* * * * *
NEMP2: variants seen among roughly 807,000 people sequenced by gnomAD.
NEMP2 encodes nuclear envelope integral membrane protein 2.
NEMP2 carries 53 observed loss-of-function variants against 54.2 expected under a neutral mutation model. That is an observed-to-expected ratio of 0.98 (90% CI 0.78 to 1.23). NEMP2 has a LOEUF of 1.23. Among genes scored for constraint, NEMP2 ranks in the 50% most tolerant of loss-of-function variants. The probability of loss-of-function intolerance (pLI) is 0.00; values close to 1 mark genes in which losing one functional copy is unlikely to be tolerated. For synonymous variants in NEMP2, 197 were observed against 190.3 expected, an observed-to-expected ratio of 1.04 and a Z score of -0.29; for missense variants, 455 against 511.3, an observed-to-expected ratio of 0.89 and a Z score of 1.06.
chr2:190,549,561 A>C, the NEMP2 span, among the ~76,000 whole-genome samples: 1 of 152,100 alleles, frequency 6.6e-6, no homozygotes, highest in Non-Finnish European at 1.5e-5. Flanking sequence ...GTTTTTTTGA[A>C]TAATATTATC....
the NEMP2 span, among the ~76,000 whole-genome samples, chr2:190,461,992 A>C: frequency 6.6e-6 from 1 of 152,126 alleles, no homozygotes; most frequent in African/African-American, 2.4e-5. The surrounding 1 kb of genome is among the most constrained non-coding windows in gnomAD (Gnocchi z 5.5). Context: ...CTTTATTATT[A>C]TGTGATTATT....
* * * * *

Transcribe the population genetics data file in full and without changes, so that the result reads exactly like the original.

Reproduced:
NEMP2: variants seen among roughly 807,000 people sequenced by gnomAD.
NEMP2 encodes nuclear envelope integral membrane protein 2.
NEMP2 carries 53 observed loss-of-function variants against 54.2 expected under a neutral mutation model. That is an observed-to-expected ratio of 0.98 (90% CI 0.78 to 1.23). NEMP2 has a LOEUF of 1.23. Among genes scored for constraint, NEMP2 ranks in the 50% most tolerant of loss-of-function variants. The probability of loss-of-function intolerance (pLI) is 0.00; values close to 1 mark genes in which losing one functional copy is unlikely to be tolerated. For synonymous variants in NEMP2, 197 were observed against 190.3 expected, an observed-to-expected ratio of 1.04 and a Z score of -0.29; for missense variants, 455 against 511.3, an observed-to-expected ratio of 0.89 and a Z score of 1.06.
chr2:190,549,561 A>C, the NEMP2 span, among the ~76,000 whole-genome samples: 1 of 152,100 alleles, frequency 6.6e-6, no homozygotes, highest in Non-Finnish European at 1.5e-5. Flanking sequence ...GTTTTTTTGA[A>C]TAATATTATC....
the NEMP2 span, among the ~76,000 whole-genome samples, chr2:190,461,992 A>C: frequency 6.6e-6 from 1 of 152,126 alleles, no homozygotes; most frequent in African/African-American, 2.4e-5. The surrounding 1 kb of genome is among the most constrained non-coding windows in gnomAD (Gnocchi z 5.5). Context: ...CTTTATTATT[A>C]TGTGATTATT....